The monkeys are used to humans (probably even too much) and that’s why they’re not shy at all. On the contrary, if they assume you might carry food with you (especially if you are carrying a plastic bag with you) they will start to approach trying to steal whatever they can reach.
I can only recommend everyone to take the path to the top of the mountain and Phnom Samphou and stop for a few minutes to enjoy the beautiful view and watch the monkeys playing.
The Bat Cave Battambang
As soon as you have reached the foot of the mountain again (ideally you take the stairs down as it leads you directly to the exit of the Battambang bat cave) you can look for the best spot to see this magnificent act of nature. You might wanna get there around 5.30 pm to make sure you catch the best spot.
Of course, every restaurant will try to convince you they offer the best view of the bat caves. They will not mention that they also offer totally overpriced drinks and snacks. But actually, the best view you’ll probably have is from the (free) benches right in front of the bat caves.
As soon as the sun goes down the hungry nocturnal bats will wake up to go hunting. An absolutely unique experience. Thousands of bats are leaving their cave at the same time.
Unfortunately, it can be pretty complicated to take a good snap of it. As the sun is already going down the lightning conditions are surely not the best. Moreover, animals are actually quite small.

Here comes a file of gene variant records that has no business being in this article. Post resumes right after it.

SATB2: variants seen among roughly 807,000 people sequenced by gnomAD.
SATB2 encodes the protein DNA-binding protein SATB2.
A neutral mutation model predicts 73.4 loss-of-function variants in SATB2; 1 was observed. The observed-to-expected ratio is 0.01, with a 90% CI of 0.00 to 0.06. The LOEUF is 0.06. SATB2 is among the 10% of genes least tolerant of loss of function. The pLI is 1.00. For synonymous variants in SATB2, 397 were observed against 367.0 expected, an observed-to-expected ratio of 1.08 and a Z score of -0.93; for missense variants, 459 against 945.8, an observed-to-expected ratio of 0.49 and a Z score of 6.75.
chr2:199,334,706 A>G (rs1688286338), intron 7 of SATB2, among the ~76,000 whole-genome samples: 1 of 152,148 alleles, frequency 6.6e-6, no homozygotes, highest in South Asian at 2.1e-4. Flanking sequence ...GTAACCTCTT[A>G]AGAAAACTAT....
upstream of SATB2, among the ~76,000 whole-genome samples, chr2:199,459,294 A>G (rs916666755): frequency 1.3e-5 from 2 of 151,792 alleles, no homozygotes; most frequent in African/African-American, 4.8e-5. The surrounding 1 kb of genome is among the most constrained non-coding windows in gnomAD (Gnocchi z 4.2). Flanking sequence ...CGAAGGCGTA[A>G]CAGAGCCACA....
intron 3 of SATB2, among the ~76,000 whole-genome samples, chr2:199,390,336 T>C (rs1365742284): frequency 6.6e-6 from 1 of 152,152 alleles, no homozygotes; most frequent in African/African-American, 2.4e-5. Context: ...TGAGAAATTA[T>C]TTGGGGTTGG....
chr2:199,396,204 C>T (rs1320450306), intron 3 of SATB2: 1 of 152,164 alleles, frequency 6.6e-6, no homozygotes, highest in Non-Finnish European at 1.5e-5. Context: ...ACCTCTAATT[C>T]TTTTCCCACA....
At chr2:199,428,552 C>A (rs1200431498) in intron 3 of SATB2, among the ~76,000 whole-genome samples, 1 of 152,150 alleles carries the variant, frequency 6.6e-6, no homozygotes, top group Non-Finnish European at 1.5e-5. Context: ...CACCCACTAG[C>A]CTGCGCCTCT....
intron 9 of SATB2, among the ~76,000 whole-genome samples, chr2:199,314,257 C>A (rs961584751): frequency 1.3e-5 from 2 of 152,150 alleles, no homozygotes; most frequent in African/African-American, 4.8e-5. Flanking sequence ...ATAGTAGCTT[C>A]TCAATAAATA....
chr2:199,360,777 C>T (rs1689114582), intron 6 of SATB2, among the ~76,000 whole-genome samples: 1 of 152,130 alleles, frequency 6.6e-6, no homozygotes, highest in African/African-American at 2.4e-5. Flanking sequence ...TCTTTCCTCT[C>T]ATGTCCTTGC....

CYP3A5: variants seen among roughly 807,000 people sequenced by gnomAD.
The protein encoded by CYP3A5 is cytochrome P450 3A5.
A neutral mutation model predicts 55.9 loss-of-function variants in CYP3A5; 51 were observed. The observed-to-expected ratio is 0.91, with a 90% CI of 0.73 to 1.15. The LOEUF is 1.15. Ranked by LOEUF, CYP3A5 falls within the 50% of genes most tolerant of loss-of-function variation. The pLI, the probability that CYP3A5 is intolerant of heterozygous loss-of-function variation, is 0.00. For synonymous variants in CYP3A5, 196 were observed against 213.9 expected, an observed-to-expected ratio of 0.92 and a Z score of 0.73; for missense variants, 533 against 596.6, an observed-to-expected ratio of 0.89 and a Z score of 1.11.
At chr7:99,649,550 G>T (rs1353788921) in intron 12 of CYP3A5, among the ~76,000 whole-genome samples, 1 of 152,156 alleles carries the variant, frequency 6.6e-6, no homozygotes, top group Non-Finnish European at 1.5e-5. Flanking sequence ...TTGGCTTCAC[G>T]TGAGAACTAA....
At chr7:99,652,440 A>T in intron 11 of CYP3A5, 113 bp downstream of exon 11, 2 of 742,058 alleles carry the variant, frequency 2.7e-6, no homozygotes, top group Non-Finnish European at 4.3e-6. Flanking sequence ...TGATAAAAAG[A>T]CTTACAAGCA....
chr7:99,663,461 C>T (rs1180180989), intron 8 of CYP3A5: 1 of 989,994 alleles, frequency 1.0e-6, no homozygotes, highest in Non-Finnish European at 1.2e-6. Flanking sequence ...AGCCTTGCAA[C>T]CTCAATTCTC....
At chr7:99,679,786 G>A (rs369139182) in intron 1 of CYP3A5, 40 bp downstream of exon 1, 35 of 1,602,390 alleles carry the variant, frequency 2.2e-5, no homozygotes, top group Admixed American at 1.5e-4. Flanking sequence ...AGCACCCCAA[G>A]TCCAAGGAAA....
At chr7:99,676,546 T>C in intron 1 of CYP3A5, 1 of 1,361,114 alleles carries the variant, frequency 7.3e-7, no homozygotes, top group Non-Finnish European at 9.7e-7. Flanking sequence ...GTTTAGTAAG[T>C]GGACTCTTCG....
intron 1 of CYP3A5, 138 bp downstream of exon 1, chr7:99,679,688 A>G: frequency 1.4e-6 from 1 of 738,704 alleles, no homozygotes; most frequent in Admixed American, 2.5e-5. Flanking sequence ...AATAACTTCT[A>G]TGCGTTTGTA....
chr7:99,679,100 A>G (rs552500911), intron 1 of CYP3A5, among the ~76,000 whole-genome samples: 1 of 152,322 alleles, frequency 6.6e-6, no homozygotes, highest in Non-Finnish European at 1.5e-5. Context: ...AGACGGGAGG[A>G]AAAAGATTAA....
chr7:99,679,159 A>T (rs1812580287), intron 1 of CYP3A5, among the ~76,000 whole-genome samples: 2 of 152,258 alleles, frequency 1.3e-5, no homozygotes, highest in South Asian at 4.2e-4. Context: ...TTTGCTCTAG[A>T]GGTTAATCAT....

So, just put down your camera for a while and enjoy with your own eyes instead.
Wat Damrey, Wat Kandal, Wat Bovil, Wat Bo Knong, Elephant temple
On our last day in Battambang, we decided to visit the non-touristic temples in our area that we’ve found on Google Maps. Simply discovering the “real life” besides tourist crowds.
And we didn’t get disappointed. Firstly, we didn’t have to pay an entrance fee. So we could spare some money. Secondly, there were no tourists wandering around, so we could look around and take pictures in a relaxed atmosphere without being bothered by others.
Furthermore, all these temples are within walkable distance from each other, so you don’t have to take a taxi or tuk-tuk.
The first temple grounds that we visited was a little flooded by the monsoon rain. But still, (or maybe especially because of that?) it was totally beautiful walking around.
The nontouristic temples just had this peaceful tranquil area. Exactly what we were looking for after the exhausting last day of sightseeing.
Our last stop was the white elephant temple. Unfortunately, many of the white elephants were already fallen apart. Anyway, a really nice place to see and we enjoyed having a walk around there.
The Circus of Battambang – Phare Ponleu Selpak
Another popular activity in Battambang is its circus. More specifically, Phare Ponleu Selpak is a circus school where advanced students give performances. The circus is meant to give disadvantaged children and young people an alternative to the street and thus give them a better life.
The circus is Battambang’s pride and joy, so you can get tickets to a performance at almost any local accommodation.
Wat Ek Phnom
Opening Hours Wat Ek Phnom: 08 am – 11 am; 2 pm – 5.30 pm
Entrance Fee Wat Ek Phnom: $ 2
About 12 km outside the city center, another highlight awaits you, Wat Ek Phnom. The ancient Hindu temple from the 11th century could easily pass as the little brother of the impressive Angkor temples. So if you haven’t visited Siem Reap yet, Wat Ek Phnom could be a great alternative for you.
However, let’s face it, if you have already visited Angkor Wat and even spent several days there, Wat Ek Phnom may be just “another temple ruin” for you.
Have you ever been to Battambang? What did you like the most? And if not what are you interested in? Let me know in the comments below.